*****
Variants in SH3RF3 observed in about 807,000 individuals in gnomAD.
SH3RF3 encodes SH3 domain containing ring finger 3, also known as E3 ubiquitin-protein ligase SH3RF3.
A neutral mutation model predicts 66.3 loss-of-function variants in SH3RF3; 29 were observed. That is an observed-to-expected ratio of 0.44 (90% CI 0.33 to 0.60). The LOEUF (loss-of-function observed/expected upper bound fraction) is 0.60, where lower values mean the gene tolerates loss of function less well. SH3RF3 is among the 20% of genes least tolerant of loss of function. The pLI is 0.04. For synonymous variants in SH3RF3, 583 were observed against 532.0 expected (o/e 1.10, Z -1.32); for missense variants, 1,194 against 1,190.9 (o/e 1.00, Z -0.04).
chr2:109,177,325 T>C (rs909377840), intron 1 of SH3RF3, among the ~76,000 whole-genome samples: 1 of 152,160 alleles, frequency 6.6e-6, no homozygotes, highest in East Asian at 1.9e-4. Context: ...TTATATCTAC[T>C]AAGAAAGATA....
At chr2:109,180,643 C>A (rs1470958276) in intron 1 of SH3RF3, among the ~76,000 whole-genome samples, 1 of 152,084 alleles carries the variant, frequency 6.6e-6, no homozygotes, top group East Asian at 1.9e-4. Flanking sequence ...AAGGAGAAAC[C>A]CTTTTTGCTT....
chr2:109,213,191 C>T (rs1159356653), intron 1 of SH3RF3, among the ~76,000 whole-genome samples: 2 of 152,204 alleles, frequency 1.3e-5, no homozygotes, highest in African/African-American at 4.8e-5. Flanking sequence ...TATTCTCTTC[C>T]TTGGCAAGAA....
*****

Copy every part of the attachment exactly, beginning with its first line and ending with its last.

Variants in SH3RF3 observed in about 807,000 individuals in gnomAD.
SH3RF3 encodes SH3 domain containing ring finger 3, also known as E3 ubiquitin-protein ligase SH3RF3.
A neutral mutation model predicts 66.3 loss-of-function variants in SH3RF3; 29 were observed. That is an observed-to-expected ratio of 0.44 (90% CI 0.33 to 0.60). The LOEUF (loss-of-function observed/expected upper bound fraction) is 0.60, where lower values mean the gene tolerates loss of function less well. SH3RF3 is among the 20% of genes least tolerant of loss of function. The pLI is 0.04. For synonymous variants in SH3RF3, 583 were observed against 532.0 expected (o/e 1.10, Z -1.32); for missense variants, 1,194 against 1,190.9 (o/e 1.00, Z -0.04).
chr2:109,177,325 T>C (rs909377840), intron 1 of SH3RF3, among the ~76,000 whole-genome samples: 1 of 152,160 alleles, frequency 6.6e-6, no homozygotes, highest in East Asian at 1.9e-4. Context: ...TTATATCTAC[T>C]AAGAAAGATA....
At chr2:109,180,643 C>A (rs1470958276) in intron 1 of SH3RF3, among the ~76,000 whole-genome samples, 1 of 152,084 alleles carries the variant, frequency 6.6e-6, no homozygotes, top group East Asian at 1.9e-4. Flanking sequence ...AAGGAGAAAC[C>A]CTTTTTGCTT....
chr2:109,213,191 C>T (rs1159356653), intron 1 of SH3RF3, among the ~76,000 whole-genome samples: 2 of 152,204 alleles, frequency 1.3e-5, no homozygotes, highest in African/African-American at 4.8e-5. Flanking sequence ...TATTCTCTTC[C>T]TTGGCAAGAA....